Final Project: HDR

Donnie Kendall (dkendall)


For this project I used a series of image stacks, two of which I downloade from the internet and the rest of which I captured myself with a Canon 450D. Unfortuatnely, only the pair of image stacks which I downloaded showed uniformly good results, which underscores the difficulty of capturing a good image stack for use in HDR. My camera has a auto exposure bracketing feature which will automatically vary the shutter speed to capture 3 images of differing exposure, but I found that only three images was typically insufficent to fully model the scene.

Since the canon 450D actually captures images as 14 bits per color channel per pixel I experimented with using a single RAW image to tone map. Unforuantely, I didn't have code available to read the RAW files, and using Lightroom to adjust exposure resulted in response curves which were completely nonsensical.

The image stacks may be viewed here.


Recovery of Camera Response Curves

My camera response curve recovery is pretty much an exact implementation of Debevec & Malik. In order to get enough data to overconstrian the system to an acceptable degree I sample the image randomly enough times that it is very likely that all of the data points needed will be hit (in this case, I use 1024 samples. The results would probably be similar with less). There is one point that they gloss over completely that I discivered during testing: if in the fastest expsoure is already clipping then every other exposure in the stack will also be clipping at that point. This contributes no useful information to the response curve, so in cases where a point such as this has been selected I through it out and select a new point.

Global Tone Mapping

I implemented two global tone mapping operators. The first I implemented is the simple one suggested in general which maps any range of tones onto [0,1). This is:

This operator has an interesting "problem" that I ran into on some of the images that I captured myself. It maps the input range [0,1] to [0,0.5] and then maps the entire remaining range of (1,infinity) onto (0.5,1). This is obvious in retrospect, but when first implementing it it didn't occur to me that only the very darkest regions were getting mapped to fully half of the output range. This means that if you have any images that are predominantly bright that it works very, very poorly.

In order to get around this, I also implemented a logarithmic gloabal operator, given by:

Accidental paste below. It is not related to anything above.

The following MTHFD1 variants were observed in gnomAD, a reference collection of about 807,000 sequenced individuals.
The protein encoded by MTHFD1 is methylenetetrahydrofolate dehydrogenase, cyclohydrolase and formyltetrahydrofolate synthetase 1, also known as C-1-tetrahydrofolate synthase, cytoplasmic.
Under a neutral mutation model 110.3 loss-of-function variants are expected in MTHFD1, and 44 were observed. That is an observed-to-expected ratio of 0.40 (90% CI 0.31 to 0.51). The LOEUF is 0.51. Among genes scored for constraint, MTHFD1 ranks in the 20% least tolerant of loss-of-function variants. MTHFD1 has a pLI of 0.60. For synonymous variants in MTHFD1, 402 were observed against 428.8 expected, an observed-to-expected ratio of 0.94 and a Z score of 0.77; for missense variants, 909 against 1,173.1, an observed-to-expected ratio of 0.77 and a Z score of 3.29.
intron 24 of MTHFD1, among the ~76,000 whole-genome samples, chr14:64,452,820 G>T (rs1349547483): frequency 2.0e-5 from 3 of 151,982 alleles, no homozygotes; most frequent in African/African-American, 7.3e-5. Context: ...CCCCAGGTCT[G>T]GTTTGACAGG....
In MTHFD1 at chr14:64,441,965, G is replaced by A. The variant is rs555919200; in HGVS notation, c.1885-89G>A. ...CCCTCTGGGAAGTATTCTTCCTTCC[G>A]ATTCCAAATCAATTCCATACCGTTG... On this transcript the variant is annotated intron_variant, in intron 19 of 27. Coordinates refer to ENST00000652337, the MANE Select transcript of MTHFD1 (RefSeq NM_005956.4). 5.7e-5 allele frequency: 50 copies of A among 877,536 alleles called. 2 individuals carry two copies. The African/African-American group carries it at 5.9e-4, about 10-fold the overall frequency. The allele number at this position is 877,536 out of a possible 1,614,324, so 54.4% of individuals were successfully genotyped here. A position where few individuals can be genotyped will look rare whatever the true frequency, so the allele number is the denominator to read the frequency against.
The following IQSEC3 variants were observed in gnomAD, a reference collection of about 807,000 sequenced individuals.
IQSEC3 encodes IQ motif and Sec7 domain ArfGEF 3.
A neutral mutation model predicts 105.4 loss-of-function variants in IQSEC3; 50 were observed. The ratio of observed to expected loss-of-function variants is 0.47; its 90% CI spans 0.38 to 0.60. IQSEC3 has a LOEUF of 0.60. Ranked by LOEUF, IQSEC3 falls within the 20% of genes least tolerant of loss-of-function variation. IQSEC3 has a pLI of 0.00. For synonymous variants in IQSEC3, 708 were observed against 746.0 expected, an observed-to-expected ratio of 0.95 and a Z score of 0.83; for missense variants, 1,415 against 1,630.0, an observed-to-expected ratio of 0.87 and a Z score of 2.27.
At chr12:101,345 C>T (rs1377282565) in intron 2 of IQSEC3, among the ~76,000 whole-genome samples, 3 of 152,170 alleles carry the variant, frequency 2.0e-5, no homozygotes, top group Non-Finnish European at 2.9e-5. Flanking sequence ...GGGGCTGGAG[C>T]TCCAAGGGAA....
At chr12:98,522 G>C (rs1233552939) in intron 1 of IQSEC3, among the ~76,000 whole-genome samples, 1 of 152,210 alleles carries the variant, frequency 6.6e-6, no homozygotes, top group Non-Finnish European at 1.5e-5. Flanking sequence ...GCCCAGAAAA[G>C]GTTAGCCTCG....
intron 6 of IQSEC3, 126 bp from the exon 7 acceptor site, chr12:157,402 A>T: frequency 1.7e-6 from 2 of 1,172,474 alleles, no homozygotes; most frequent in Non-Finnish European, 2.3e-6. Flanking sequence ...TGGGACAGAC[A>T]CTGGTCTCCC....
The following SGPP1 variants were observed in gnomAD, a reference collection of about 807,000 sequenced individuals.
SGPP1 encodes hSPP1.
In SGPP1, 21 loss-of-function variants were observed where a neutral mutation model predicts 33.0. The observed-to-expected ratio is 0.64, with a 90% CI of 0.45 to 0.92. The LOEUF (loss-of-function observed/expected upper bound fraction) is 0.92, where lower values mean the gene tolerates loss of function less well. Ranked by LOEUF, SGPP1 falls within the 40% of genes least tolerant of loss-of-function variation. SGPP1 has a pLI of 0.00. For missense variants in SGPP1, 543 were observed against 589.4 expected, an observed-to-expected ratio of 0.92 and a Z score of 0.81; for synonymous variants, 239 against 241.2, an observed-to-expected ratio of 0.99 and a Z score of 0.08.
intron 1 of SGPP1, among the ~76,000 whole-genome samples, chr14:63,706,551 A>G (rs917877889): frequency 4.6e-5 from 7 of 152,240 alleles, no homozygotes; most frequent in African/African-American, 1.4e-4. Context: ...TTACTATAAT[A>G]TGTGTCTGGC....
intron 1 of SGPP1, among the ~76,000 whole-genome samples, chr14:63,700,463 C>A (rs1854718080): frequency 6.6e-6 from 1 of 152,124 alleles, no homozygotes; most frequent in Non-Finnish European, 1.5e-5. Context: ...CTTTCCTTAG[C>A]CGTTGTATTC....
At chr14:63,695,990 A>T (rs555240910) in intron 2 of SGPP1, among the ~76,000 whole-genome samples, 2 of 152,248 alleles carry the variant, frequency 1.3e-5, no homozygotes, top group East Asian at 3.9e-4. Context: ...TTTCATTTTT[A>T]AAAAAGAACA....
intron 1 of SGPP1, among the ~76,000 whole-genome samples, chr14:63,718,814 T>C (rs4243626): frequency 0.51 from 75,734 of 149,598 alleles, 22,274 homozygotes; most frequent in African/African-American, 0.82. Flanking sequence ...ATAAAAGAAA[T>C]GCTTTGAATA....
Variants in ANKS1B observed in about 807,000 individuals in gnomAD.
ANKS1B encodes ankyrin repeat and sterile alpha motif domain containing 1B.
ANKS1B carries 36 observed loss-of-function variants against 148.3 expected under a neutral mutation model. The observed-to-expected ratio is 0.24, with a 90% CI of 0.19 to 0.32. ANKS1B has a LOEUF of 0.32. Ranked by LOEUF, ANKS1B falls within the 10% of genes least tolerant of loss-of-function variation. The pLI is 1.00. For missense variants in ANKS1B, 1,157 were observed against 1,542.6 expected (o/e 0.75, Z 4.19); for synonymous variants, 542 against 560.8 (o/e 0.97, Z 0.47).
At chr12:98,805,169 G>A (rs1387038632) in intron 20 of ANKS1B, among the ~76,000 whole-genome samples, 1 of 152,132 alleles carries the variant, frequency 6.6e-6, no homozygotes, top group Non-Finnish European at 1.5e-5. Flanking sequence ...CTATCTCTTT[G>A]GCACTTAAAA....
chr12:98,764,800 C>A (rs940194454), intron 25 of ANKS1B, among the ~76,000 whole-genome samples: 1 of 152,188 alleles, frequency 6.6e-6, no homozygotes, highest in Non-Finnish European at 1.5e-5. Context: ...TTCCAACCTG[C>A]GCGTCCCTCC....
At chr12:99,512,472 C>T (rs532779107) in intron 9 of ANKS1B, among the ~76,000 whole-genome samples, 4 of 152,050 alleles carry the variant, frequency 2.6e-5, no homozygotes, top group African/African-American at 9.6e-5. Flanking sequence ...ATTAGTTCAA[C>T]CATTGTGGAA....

This has the dual benefits that it works in log space and it takes into account both the minimum and maximum radiances in the scene. Because of both of these it tends to do a better job of global compression without assuming that the image will have both light and dark regions. This is also the only operator that I got consistently decent results out of.

Local Tone Mapping

For local mapping I implemented Reinhard, et. al. I chose this paper because its motivation is based on photographic technique, namely dodging and burning to adjust the exposure of differing sections of the photograph based on the surrounding contrast.

The algorithm makes a few passes over the luminosity map. In the first pass it uses a series of gaussian kernels of differeing sizes to calcualte the average change in intensity of illumination in that area by convolving the kernel with an illumination matrix. On the 2nd pass it finds the largest scale for each pixel such that the change in intensity across that scale is less than some epsilon. Finally, on the last pass, it uses this information to attempt to compress the luminosity of the image.

The intensity change is calculated across 8 different scales at each pixel. The overall idea is that in areas of rapid changing of intensities the intensities probably need to be compressed more, whereas in areas of slowly changing intensity they need to be compressed less. Below I provide images which show the scale level chosen for each pixel as a grayscale image. Darker areas indicate more rapdily changing intensities (and thus lower scales), whereas lighter areas indicate more slowly changing intensities (and thus larger scales).


Results are also located on the iamge stacks page, here.


Recovering High Dynamic Range Radiance Maps from Photographs; Debevec & Malik
Tone Mapping for HDR Image using Optimization - A New Closed Form Solution; Qiu, Guan, Duan & Chen
Photographic Tone Reproduction for Digital Images; Reinhard, Stark, Shirley, Ferwerda
Gradient Domain High Dynamic Range Compression; Fattal, Lischinski & Werman
Quantization Techniques for Visualization of High Dynamic Range Pictures; Schlick